Every spring, the FTC issues its Annual Highlights for the previous year. It’s like a corporate annual report, summarizing what we did and how we did it. Interested in our mission to protect consumers? Here are some of 2014’s highlights.
The caller is irate, intimidating and — despite the foul language — sounds convincing. He says you must make good on a payday loan or your wages will be garnished. If you applied for a payday loan before, you might start questioning your memory: “Did I miss a payment? The caller has my information, so this must be legit…”
The last thing you need is a short paycheck — especially if you’re already in a bind. So you pay. Thing is, you don’t owe them a dime. It’s a scam.
When struggling homeowners paid thousands of dollars in upfront fees to Wealth Educators, Inc., they expected help avoiding foreclosure. Although the “law firm” was quick to take their money, it did little or nothing to help save their homes, according to the FTC. And the “law firm” bit was all an act.
Starting a new business? That used to mean throwing a name on some brick and mortar. Nowadays, you need a website. Lots of companies sell domain names and web hosting services that let customers put up websites. It pays to go with one that spells out all the terms and conditions before you buy. But what if a company promises a refund as part of its 30-day money back guarantee — and then surprises you with a nonrefundable fee? That’s called deception.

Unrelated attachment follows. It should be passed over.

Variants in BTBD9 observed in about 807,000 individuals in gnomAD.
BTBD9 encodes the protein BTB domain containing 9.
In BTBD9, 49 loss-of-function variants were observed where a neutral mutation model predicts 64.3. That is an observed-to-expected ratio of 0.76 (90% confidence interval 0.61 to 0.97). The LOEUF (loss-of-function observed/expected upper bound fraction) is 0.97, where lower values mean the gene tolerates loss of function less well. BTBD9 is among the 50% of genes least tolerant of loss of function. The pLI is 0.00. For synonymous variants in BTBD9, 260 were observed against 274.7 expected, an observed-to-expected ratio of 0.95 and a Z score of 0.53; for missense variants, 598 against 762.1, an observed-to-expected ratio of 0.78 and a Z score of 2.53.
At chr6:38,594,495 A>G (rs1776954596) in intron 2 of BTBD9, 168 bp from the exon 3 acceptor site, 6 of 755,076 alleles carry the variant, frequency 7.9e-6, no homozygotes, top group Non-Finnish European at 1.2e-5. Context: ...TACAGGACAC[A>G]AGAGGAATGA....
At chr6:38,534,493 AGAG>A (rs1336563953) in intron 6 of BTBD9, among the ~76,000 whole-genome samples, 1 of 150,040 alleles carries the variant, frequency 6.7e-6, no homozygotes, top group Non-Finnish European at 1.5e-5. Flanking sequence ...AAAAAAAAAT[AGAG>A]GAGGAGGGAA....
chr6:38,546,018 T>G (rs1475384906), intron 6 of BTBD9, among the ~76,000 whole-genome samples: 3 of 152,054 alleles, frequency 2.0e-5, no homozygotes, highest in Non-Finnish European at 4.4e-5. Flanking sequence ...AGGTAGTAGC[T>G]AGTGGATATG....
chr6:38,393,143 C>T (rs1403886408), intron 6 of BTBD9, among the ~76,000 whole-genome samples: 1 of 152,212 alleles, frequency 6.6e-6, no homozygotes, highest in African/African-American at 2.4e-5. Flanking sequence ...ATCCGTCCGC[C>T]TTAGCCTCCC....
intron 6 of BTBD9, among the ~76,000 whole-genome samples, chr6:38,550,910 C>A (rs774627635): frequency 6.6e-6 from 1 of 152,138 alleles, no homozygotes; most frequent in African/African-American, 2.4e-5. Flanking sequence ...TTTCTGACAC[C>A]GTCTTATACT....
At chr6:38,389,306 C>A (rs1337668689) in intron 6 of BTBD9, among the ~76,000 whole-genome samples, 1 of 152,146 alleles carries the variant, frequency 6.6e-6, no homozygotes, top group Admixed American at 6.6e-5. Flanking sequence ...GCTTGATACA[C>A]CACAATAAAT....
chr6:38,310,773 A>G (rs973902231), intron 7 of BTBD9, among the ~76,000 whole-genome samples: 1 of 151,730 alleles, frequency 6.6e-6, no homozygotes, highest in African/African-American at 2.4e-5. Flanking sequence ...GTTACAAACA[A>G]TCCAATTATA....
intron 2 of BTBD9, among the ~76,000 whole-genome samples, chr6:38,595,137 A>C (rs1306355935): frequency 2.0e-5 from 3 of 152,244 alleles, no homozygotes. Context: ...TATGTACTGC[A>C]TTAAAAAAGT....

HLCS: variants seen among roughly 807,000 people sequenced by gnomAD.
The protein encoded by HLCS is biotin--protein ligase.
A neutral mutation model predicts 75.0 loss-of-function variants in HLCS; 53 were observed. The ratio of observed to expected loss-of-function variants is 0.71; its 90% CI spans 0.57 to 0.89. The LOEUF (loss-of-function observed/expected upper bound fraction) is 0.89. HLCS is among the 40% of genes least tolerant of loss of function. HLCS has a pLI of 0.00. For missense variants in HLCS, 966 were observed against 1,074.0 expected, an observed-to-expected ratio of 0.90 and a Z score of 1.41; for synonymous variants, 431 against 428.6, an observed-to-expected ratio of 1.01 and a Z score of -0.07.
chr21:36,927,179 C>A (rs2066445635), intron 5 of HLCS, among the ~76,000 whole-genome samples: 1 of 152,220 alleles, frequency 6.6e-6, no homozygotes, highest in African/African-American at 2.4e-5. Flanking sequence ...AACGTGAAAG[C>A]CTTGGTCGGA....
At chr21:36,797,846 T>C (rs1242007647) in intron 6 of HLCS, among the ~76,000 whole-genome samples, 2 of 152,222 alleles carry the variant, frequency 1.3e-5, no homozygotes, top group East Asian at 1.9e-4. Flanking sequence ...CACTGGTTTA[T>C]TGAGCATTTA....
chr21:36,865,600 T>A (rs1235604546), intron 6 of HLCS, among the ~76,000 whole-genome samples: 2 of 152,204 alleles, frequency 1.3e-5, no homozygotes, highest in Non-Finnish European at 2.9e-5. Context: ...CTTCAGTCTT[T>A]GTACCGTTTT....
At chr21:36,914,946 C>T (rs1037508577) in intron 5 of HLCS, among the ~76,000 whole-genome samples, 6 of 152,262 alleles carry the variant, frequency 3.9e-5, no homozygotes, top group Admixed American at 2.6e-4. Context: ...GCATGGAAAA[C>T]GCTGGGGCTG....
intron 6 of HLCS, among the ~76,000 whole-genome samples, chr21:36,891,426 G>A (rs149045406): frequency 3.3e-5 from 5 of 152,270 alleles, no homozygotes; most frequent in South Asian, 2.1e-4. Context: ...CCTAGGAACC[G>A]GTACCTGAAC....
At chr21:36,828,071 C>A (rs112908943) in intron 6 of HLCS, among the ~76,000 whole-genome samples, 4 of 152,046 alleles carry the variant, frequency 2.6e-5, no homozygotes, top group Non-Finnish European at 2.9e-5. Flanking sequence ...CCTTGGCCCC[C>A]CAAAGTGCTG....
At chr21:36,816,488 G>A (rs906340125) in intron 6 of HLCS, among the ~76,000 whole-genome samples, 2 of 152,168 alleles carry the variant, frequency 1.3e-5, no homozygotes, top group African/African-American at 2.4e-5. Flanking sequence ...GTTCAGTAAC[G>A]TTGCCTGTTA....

Some companies’ privacy policies say they participate in the “U.S.-EU Safe Harbor Framework.” But that doesn’t mean they have an accident-free shipyard. It has to do with U.S. companies reassuring European residents about the privacy and security of their personal information.
Identity thieves may already have a lot of information about you – like your credit card number, the card’s expiration date, and your name, address, and phone number. With all that information in his hands, why would he call you? He’s after one vital piece of information – the security code on your credit card.
Here’s a scam with an FTC angle. The letter has an official-looking FTC seal and is signed by “FTC Director” Jessica Rich. It says someone at the FTC will help you claim a cash prize you’ve won, and will help ensure delivery. That is, after you pay off the more than $5,000 “Legal Registration Bond.”
The language might sound legal, and the letter might look legit. You might look up Jessica Rich and see she’s an actual FTC official. But the truth is, there’s nothing legal or official about it. It’s a fake letter designed to convince you to send money for a non-existent prize.
Imitation may be the sincerest form of flattery, but sometimes it’s illegal. Just ask the people behind First Time Credit Solutions, who promoted their business as “FTC Credit Solutions” until the real Federal Trade Commission shut them down.